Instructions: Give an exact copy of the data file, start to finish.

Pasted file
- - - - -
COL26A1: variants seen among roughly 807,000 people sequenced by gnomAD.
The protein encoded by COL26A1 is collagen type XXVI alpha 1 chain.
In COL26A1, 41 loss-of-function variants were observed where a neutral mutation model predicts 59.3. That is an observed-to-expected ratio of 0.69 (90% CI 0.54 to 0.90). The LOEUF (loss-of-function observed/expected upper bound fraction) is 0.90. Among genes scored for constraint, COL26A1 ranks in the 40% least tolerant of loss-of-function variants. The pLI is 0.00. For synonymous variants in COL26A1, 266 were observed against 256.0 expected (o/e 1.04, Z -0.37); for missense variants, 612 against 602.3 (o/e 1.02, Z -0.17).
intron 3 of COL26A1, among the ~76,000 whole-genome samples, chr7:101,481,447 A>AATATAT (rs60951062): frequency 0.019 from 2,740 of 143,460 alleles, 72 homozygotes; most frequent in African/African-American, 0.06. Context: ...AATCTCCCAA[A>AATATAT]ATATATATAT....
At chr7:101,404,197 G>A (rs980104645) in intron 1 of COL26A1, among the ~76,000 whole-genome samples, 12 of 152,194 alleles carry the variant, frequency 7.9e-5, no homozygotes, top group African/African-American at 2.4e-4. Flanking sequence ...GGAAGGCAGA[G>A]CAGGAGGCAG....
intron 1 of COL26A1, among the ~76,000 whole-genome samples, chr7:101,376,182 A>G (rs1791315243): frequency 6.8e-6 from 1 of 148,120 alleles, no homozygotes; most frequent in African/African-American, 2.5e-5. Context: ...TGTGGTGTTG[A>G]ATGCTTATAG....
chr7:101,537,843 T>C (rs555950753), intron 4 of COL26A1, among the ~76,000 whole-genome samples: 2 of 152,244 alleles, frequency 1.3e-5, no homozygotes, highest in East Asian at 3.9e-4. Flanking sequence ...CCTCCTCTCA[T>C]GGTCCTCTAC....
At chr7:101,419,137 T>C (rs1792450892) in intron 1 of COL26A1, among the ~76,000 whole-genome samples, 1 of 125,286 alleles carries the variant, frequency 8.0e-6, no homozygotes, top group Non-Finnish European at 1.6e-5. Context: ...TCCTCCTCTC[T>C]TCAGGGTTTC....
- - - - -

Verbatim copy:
COL26A1: variants seen among roughly 807,000 people sequenced by gnomAD.
The protein encoded by COL26A1 is collagen type XXVI alpha 1 chain.
In COL26A1, 41 loss-of-function variants were observed where a neutral mutation model predicts 59.3. That is an observed-to-expected ratio of 0.69 (90% CI 0.54 to 0.90). The LOEUF (loss-of-function observed/expected upper bound fraction) is 0.90. Among genes scored for constraint, COL26A1 ranks in the 40% least tolerant of loss-of-function variants. The pLI is 0.00. For synonymous variants in COL26A1, 266 were observed against 256.0 expected (o/e 1.04, Z -0.37); for missense variants, 612 against 602.3 (o/e 1.02, Z -0.17).
intron 3 of COL26A1, among the ~76,000 whole-genome samples, chr7:101,481,447 A>AATATAT (rs60951062): frequency 0.019 from 2,740 of 143,460 alleles, 72 homozygotes; most frequent in African/African-American, 0.06. Context: ...AATCTCCCAA[A>AATATAT]ATATATATAT....
At chr7:101,404,197 G>A (rs980104645) in intron 1 of COL26A1, among the ~76,000 whole-genome samples, 12 of 152,194 alleles carry the variant, frequency 7.9e-5, no homozygotes, top group African/African-American at 2.4e-4. Flanking sequence ...GGAAGGCAGA[G>A]CAGGAGGCAG....
intron 1 of COL26A1, among the ~76,000 whole-genome samples, chr7:101,376,182 A>G (rs1791315243): frequency 6.8e-6 from 1 of 148,120 alleles, no homozygotes; most frequent in African/African-American, 2.5e-5. Context: ...TGTGGTGTTG[A>G]ATGCTTATAG....
chr7:101,537,843 T>C (rs555950753), intron 4 of COL26A1, among the ~76,000 whole-genome samples: 2 of 152,244 alleles, frequency 1.3e-5, no homozygotes, highest in East Asian at 3.9e-4. Flanking sequence ...CCTCCTCTCA[T>C]GGTCCTCTAC....
At chr7:101,419,137 T>C (rs1792450892) in intron 1 of COL26A1, among the ~76,000 whole-genome samples, 1 of 125,286 alleles carries the variant, frequency 8.0e-6, no homozygotes, top group Non-Finnish European at 1.6e-5. Context: ...TCCTCCTCTC[T>C]TCAGGGTTTC....